As a director, McKee makes sometimes bold stylistic choices, but there are times when his uncertainty also shows in the storytelling devices. Early sequences use dissolves whose purpose is unclear.  Some of the early scenes are confusing. His use of grunge songs on the soundtrack instead of a traditional score is sometimes striking, but more often gets in the way. Again their purpose is unclear; perhaps they are an attempt to ‘counterpoint’ the action but mostly fail to do this. Most of the story is up front which tends to underplay mystery and suspense in the earlier sequences. However, the filmmakers are deliberately showing their hand in adopting these stylistic choices, alerting us, as it were to their presence, and this invites us to read The Woman as the desire to make a statement, even if, at times it is unclear exactly what the statement is.


James Gracey said...

Wonderful write up, Jon. I had no idea this was a variation on a German fairytale! I guess that makes sense – The Woman was not without it's darkly 'fairytale' moments. My main gripe with it was how very manipulative, simplistic even, and morally black and white it was; the thinly veiled points about gender relations, familial dysfunction, spousal abuse and contemporary morality are all just hammered home with a very blunt intensity. There are no shades of grey. Having said that, I still thought this was a very powerful film - and if one can 'enjoy' a film like this, well then, I did.

The 'Masculinist' movement you mentioned also reminded me of the ethos behind Chuck Palahniuk’s Fight Club. Again, the character of Chris in The Woman was just too black and white - great performance, but I just hated the character.

I also didn't like the fate of Angele Bettis' character either, especially as you say, after she makes such a gruelling journey from subjugation to strength. Bettis is such a fine and underrated actress, and she’s great in this role. If you’re not familiar with McKee’s earlier work, I’d really recommend May; a very odd and strangely moving little film. The Woods is also worth a look, especially for Patricia Clarkson’s icily composed and creepy performance.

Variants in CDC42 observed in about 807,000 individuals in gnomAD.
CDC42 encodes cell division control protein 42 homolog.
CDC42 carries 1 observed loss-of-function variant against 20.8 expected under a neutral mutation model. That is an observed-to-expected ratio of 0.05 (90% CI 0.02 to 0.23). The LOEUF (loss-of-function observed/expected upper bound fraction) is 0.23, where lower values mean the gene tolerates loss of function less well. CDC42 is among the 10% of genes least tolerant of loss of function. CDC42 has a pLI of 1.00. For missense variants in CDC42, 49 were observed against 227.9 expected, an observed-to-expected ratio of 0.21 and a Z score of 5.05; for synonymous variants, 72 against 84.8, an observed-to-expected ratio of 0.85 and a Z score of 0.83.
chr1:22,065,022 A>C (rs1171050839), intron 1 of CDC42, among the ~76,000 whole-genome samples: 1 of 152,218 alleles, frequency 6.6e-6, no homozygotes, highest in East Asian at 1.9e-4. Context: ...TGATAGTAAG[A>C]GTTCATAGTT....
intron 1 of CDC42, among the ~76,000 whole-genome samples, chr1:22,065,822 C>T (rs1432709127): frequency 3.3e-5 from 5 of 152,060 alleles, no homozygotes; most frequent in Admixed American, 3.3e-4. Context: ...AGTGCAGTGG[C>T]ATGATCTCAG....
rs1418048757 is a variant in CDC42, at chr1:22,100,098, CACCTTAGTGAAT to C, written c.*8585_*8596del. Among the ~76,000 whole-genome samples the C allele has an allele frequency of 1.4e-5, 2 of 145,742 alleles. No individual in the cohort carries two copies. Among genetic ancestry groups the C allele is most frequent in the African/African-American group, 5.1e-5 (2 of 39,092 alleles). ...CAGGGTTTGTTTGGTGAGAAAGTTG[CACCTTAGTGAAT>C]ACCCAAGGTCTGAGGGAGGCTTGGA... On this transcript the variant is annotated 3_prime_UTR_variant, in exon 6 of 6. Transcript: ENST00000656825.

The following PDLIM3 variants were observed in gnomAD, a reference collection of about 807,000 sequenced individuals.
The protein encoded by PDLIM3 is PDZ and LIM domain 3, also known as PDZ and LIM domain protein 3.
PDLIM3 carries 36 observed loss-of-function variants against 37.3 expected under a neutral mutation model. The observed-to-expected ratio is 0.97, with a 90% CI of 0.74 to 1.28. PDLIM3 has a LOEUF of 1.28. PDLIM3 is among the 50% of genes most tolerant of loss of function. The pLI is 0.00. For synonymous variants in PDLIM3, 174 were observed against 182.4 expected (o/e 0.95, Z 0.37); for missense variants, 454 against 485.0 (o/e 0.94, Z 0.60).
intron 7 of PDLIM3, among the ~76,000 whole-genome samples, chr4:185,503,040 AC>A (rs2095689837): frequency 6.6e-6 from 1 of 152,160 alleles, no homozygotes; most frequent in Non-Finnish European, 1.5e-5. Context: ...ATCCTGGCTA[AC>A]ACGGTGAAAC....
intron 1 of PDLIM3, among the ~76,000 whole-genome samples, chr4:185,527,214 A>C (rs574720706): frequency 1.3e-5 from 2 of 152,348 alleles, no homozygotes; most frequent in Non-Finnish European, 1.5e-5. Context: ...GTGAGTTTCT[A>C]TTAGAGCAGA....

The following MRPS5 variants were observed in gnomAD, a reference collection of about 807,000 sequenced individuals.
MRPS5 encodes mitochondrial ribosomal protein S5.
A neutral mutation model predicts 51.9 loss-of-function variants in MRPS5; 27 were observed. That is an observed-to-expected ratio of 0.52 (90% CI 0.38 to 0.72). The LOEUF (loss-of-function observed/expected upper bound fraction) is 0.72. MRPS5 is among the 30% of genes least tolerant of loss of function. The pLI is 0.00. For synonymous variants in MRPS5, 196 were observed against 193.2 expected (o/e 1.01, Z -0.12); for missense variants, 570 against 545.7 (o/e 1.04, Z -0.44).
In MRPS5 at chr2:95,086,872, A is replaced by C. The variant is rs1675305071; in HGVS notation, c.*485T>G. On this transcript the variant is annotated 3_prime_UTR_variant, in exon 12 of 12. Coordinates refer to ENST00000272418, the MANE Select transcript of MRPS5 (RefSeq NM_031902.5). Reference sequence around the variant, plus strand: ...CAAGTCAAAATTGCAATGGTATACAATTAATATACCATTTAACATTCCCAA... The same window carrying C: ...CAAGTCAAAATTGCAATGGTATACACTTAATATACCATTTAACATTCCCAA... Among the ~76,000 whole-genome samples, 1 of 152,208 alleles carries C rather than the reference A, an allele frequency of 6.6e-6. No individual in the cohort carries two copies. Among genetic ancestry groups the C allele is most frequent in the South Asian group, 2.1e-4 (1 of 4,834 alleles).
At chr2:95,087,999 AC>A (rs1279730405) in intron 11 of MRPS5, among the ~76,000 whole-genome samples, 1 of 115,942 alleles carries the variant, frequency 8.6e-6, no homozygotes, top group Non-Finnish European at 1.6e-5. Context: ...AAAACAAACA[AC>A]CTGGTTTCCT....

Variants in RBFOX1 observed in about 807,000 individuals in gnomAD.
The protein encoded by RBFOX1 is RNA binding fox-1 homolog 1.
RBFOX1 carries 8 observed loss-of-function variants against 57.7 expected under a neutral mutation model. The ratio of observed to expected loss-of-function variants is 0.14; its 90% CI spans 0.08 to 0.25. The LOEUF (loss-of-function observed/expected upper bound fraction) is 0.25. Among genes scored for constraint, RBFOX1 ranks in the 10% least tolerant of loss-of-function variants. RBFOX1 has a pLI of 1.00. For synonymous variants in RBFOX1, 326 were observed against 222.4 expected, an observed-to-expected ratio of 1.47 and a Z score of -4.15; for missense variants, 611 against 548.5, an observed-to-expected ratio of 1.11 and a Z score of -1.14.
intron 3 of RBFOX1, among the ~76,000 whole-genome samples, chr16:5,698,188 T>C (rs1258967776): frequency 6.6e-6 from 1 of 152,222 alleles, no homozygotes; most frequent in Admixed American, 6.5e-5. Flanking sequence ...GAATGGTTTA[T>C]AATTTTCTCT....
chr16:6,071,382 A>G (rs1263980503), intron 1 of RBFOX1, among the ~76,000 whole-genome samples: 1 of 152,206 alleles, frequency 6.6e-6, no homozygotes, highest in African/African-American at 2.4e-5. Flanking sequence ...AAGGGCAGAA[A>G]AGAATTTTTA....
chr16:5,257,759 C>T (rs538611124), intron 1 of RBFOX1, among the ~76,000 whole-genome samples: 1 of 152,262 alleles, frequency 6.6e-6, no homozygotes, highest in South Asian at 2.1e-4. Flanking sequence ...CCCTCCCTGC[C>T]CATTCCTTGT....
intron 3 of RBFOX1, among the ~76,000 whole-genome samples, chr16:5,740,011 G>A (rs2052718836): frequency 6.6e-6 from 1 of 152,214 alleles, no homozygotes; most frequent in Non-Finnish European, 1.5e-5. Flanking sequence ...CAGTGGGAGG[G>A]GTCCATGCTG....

Jon T said...

Thanks James, I read your review over at Behind The Couch and I have to say I agreed with your points. I thought the character of Chris started off interesting, reading him as a 'satire' of the kind of guy who would sign up to the masculinist movement (the hunting in the woods and all that) but became less interesting as he was depicted more and more as an out and out bad guy as the film went on (the suggestion of incest and that entrapped someone else in the past) Of course you could argue that McKee was trying to show how absurd such a man is. But then the combination of what happened to the Angela Bettis and the ridiculous gore at the end seemed to undermine the good things in the film eg. the satire. What side of the fence is McKee on ???! I'm not sure.
I will try to catch May and The Woods; until then, the jury is still out on McKee, as they say!

Anonymous said...

I thought the dog child at the end was clearly a previous child of theirs. That's what drove home how broken the mother character truly was. The whole time you expect her to tap into that lioness instinct and kill the father. In the end you learn that she has already let the father turn a child into a beast, ignored his molestation of their daughter, and a gut punch takes her out of a fair chunk of the climax. This clashes with the classic ero guro gender subversion sensibility of The Woman character. The father objectifies her on a primal/philosophical level (he wants to be an alpha male with a large territory) and in the end it is his undoing. It's a very loud, schizophrenic movie based on a novel by a horror writer who takes true crime stories and fictionalizes them. It was bound to cause a little controversy.

Jon Towlson said...

That makes things a little clearer! Thanks for that.